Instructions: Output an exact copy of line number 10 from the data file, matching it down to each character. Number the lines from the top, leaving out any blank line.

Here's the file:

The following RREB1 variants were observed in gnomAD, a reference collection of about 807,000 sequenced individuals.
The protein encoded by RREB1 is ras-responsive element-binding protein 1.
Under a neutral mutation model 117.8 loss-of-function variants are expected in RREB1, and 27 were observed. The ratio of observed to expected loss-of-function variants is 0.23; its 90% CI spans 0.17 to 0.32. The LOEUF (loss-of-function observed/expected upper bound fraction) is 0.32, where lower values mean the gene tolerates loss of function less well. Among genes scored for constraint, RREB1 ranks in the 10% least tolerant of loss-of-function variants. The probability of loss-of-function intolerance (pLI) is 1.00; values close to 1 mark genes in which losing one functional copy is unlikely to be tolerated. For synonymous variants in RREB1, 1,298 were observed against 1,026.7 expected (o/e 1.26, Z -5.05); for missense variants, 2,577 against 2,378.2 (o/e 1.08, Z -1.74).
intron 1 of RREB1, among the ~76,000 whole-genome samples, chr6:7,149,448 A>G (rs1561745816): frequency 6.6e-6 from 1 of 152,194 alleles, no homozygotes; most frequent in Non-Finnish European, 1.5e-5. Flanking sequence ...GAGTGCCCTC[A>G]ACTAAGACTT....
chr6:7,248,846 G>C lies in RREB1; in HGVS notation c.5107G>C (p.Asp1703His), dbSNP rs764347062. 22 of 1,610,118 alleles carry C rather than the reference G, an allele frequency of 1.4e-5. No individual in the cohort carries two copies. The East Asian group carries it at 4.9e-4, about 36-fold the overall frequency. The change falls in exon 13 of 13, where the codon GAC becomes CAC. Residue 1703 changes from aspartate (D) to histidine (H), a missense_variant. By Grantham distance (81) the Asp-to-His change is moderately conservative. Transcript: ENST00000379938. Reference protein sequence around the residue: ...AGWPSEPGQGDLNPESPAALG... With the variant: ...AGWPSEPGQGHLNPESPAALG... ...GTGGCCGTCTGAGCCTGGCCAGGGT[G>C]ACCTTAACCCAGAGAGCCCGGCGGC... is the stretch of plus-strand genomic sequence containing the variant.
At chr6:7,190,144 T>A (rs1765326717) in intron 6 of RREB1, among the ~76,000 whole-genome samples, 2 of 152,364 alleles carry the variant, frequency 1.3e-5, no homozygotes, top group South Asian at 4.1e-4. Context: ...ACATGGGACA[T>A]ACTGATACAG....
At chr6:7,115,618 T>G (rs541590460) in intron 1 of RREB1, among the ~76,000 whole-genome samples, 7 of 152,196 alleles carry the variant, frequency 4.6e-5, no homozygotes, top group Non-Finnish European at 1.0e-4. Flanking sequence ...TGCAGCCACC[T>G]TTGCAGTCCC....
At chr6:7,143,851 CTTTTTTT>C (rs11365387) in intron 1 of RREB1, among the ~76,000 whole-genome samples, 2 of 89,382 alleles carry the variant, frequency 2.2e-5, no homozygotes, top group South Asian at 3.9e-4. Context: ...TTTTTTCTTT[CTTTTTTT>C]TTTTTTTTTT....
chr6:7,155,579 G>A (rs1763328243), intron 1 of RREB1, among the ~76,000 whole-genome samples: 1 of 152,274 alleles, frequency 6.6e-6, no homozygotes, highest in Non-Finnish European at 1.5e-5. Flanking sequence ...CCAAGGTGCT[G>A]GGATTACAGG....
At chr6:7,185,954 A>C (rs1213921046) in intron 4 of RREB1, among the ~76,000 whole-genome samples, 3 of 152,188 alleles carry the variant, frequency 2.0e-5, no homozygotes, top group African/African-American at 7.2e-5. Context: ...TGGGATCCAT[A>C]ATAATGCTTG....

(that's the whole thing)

At chr6:7,185,954 A>C (rs1213921046) in intron 4 of RREB1, among the ~76,000 whole-genome samples, 3 of 152,188 alleles carry the variant, frequency 2.0e-5, no homozygotes, top group African/African-American at 7.2e-5. Context: ...TGGGATCCAT[A>C]ATAATGCTTG....